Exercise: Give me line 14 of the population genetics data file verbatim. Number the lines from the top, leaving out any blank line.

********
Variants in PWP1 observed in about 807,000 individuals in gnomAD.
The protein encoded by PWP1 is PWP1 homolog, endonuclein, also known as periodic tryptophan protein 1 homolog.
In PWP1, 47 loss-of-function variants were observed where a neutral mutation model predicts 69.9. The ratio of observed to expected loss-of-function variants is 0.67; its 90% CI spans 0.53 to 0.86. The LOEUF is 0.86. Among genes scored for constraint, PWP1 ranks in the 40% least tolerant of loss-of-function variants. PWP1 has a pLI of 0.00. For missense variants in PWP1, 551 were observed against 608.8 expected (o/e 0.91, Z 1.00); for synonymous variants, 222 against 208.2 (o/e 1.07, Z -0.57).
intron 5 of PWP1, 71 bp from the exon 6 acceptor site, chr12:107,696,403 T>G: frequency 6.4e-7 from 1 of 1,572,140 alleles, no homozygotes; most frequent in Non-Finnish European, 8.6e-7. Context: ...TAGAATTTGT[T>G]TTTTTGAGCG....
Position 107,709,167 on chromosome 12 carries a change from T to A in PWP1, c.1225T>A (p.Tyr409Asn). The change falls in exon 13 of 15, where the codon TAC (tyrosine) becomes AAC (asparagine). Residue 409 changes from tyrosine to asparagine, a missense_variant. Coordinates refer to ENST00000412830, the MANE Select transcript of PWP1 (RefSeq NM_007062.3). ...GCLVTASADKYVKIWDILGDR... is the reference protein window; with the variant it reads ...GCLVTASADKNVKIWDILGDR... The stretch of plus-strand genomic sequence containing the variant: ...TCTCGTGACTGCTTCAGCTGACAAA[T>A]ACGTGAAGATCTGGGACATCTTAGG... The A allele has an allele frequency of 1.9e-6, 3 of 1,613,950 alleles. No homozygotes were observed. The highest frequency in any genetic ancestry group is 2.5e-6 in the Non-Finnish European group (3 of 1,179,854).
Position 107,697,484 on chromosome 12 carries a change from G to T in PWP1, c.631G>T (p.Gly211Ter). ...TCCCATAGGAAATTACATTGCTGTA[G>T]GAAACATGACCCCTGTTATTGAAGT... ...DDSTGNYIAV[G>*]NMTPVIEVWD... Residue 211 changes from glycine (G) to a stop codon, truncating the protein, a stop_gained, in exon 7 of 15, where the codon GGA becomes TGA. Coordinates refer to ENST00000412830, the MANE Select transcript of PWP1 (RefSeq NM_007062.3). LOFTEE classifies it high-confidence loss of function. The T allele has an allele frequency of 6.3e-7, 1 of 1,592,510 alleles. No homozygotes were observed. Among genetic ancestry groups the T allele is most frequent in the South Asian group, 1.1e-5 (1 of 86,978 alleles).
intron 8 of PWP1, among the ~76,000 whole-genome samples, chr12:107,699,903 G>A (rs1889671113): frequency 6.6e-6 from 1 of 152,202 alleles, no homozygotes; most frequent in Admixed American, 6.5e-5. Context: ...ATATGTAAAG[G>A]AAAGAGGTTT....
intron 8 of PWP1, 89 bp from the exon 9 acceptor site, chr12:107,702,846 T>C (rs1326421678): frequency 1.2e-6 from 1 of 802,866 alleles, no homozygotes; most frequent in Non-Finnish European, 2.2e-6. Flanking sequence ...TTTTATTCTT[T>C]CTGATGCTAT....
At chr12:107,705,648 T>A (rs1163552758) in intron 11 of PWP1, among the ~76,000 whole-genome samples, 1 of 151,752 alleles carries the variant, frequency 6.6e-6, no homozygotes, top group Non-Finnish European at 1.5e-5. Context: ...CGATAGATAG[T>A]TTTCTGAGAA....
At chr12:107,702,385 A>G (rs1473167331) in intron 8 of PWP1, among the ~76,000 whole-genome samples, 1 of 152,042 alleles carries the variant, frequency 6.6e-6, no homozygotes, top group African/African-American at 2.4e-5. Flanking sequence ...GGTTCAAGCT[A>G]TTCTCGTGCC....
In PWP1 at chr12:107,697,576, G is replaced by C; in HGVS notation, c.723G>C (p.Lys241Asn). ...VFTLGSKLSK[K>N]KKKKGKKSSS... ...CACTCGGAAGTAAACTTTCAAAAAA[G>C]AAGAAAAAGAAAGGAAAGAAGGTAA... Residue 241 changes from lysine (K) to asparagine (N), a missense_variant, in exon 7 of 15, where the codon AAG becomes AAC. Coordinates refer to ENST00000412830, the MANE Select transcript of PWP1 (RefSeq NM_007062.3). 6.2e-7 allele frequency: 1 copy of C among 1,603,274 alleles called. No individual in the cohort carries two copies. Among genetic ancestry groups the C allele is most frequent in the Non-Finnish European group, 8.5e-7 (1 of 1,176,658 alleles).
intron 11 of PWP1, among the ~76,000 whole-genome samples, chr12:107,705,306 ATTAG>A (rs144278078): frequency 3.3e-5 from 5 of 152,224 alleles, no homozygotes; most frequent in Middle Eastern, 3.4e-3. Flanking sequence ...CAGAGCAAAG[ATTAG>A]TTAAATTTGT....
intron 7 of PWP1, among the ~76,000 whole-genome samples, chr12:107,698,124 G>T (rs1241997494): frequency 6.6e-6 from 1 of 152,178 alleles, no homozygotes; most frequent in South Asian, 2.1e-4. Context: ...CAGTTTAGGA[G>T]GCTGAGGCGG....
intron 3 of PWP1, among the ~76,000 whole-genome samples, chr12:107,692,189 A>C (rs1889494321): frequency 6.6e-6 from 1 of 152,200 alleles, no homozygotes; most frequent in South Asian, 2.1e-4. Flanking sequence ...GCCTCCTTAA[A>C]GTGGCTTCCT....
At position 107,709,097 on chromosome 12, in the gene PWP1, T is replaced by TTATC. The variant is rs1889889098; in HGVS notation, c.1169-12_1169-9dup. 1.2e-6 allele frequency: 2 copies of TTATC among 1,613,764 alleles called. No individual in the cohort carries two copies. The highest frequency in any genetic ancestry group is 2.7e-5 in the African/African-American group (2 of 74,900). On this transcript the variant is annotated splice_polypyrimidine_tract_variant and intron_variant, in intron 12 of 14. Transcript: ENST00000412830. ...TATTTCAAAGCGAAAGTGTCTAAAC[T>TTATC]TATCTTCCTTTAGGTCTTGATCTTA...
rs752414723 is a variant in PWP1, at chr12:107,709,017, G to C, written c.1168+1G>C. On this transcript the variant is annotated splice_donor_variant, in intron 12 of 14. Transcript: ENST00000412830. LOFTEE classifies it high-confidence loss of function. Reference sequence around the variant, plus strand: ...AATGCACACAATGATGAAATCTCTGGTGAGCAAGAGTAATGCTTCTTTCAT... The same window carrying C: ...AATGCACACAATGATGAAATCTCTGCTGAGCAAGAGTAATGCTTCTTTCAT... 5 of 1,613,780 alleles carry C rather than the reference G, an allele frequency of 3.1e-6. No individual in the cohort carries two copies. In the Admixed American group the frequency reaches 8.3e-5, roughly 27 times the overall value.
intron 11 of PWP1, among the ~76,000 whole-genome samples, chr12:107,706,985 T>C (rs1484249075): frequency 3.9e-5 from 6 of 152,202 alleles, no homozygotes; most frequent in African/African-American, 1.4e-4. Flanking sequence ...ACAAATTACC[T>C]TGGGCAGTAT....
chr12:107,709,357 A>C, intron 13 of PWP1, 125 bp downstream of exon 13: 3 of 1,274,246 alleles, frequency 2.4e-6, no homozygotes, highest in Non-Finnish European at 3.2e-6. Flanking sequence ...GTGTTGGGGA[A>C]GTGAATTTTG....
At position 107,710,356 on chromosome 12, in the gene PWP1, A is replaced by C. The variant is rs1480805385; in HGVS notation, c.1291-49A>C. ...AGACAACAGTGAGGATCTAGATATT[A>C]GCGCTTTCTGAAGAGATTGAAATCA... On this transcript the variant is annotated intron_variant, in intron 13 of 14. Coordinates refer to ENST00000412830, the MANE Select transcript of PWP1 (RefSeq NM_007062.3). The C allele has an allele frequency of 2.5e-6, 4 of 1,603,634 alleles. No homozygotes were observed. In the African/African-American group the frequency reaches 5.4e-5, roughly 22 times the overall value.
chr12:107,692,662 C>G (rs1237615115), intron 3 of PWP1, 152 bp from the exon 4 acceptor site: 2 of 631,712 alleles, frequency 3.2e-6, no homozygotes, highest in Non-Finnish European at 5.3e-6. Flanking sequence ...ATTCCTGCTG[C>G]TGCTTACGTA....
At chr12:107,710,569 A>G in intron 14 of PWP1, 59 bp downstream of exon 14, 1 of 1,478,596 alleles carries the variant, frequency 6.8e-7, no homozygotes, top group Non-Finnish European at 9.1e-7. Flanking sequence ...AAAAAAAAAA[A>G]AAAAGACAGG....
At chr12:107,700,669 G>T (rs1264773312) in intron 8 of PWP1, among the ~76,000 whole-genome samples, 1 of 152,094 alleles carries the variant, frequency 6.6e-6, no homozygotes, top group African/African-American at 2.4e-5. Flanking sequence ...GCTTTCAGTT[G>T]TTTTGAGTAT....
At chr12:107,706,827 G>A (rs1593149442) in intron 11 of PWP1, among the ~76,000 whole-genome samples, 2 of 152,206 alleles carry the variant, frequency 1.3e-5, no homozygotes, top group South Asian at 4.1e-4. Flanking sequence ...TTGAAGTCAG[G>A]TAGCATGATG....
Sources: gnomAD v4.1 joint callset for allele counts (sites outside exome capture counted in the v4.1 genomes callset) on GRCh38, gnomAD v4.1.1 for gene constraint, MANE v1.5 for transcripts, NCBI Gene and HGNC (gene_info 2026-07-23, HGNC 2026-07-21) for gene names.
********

intron 3 of PWP1, among the ~76,000 whole-genome samples, chr12:107,692,189 A>C (rs1889494321): frequency 6.6e-6 from 1 of 152,200 alleles, no homozygotes; most frequent in South Asian, 2.1e-4. Flanking sequence ...GCCTCCTTAA[A>C]GTGGCTTCCT....